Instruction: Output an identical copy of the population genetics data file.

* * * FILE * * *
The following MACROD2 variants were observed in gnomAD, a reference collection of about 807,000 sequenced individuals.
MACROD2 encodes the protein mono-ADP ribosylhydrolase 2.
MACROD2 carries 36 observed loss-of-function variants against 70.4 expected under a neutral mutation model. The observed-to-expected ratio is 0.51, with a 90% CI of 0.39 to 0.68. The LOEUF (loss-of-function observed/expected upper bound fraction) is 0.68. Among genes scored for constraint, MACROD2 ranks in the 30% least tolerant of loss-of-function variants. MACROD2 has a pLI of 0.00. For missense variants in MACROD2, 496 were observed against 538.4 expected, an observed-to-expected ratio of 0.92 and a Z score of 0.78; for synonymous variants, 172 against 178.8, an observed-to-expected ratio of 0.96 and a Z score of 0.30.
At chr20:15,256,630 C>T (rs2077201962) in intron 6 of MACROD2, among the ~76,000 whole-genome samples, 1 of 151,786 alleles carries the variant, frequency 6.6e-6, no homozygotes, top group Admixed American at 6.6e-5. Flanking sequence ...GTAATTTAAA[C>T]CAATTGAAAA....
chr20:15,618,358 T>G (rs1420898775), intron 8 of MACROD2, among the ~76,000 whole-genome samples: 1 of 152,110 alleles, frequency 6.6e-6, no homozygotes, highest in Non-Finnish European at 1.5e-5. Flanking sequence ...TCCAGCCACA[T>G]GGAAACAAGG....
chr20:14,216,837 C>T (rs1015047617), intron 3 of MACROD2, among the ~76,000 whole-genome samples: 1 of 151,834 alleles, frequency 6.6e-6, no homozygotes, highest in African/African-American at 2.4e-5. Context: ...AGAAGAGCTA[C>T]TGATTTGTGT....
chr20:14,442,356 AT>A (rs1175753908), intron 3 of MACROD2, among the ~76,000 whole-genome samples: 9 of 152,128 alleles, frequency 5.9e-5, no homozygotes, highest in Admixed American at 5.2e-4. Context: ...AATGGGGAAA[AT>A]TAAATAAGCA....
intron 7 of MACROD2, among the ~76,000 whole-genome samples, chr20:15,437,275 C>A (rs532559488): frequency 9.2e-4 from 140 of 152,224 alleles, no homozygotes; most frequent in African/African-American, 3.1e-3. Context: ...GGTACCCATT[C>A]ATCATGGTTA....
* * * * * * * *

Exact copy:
The following MACROD2 variants were observed in gnomAD, a reference collection of about 807,000 sequenced individuals.
MACROD2 encodes the protein mono-ADP ribosylhydrolase 2.
MACROD2 carries 36 observed loss-of-function variants against 70.4 expected under a neutral mutation model. The observed-to-expected ratio is 0.51, with a 90% CI of 0.39 to 0.68. The LOEUF (loss-of-function observed/expected upper bound fraction) is 0.68. Among genes scored for constraint, MACROD2 ranks in the 30% least tolerant of loss-of-function variants. MACROD2 has a pLI of 0.00. For missense variants in MACROD2, 496 were observed against 538.4 expected, an observed-to-expected ratio of 0.92 and a Z score of 0.78; for synonymous variants, 172 against 178.8, an observed-to-expected ratio of 0.96 and a Z score of 0.30.
At chr20:15,256,630 C>T (rs2077201962) in intron 6 of MACROD2, among the ~76,000 whole-genome samples, 1 of 151,786 alleles carries the variant, frequency 6.6e-6, no homozygotes, top group Admixed American at 6.6e-5. Flanking sequence ...GTAATTTAAA[C>T]CAATTGAAAA....
chr20:15,618,358 T>G (rs1420898775), intron 8 of MACROD2, among the ~76,000 whole-genome samples: 1 of 152,110 alleles, frequency 6.6e-6, no homozygotes, highest in Non-Finnish European at 1.5e-5. Flanking sequence ...TCCAGCCACA[T>G]GGAAACAAGG....
chr20:14,216,837 C>T (rs1015047617), intron 3 of MACROD2, among the ~76,000 whole-genome samples: 1 of 151,834 alleles, frequency 6.6e-6, no homozygotes, highest in African/African-American at 2.4e-5. Context: ...AGAAGAGCTA[C>T]TGATTTGTGT....
chr20:14,442,356 AT>A (rs1175753908), intron 3 of MACROD2, among the ~76,000 whole-genome samples: 9 of 152,128 alleles, frequency 5.9e-5, no homozygotes, highest in Admixed American at 5.2e-4. Context: ...AATGGGGAAA[AT>A]TAAATAAGCA....
intron 7 of MACROD2, among the ~76,000 whole-genome samples, chr20:15,437,275 C>A (rs532559488): frequency 9.2e-4 from 140 of 152,224 alleles, no homozygotes; most frequent in African/African-American, 3.1e-3. Context: ...GGTACCCATT[C>A]ATCATGGTTA....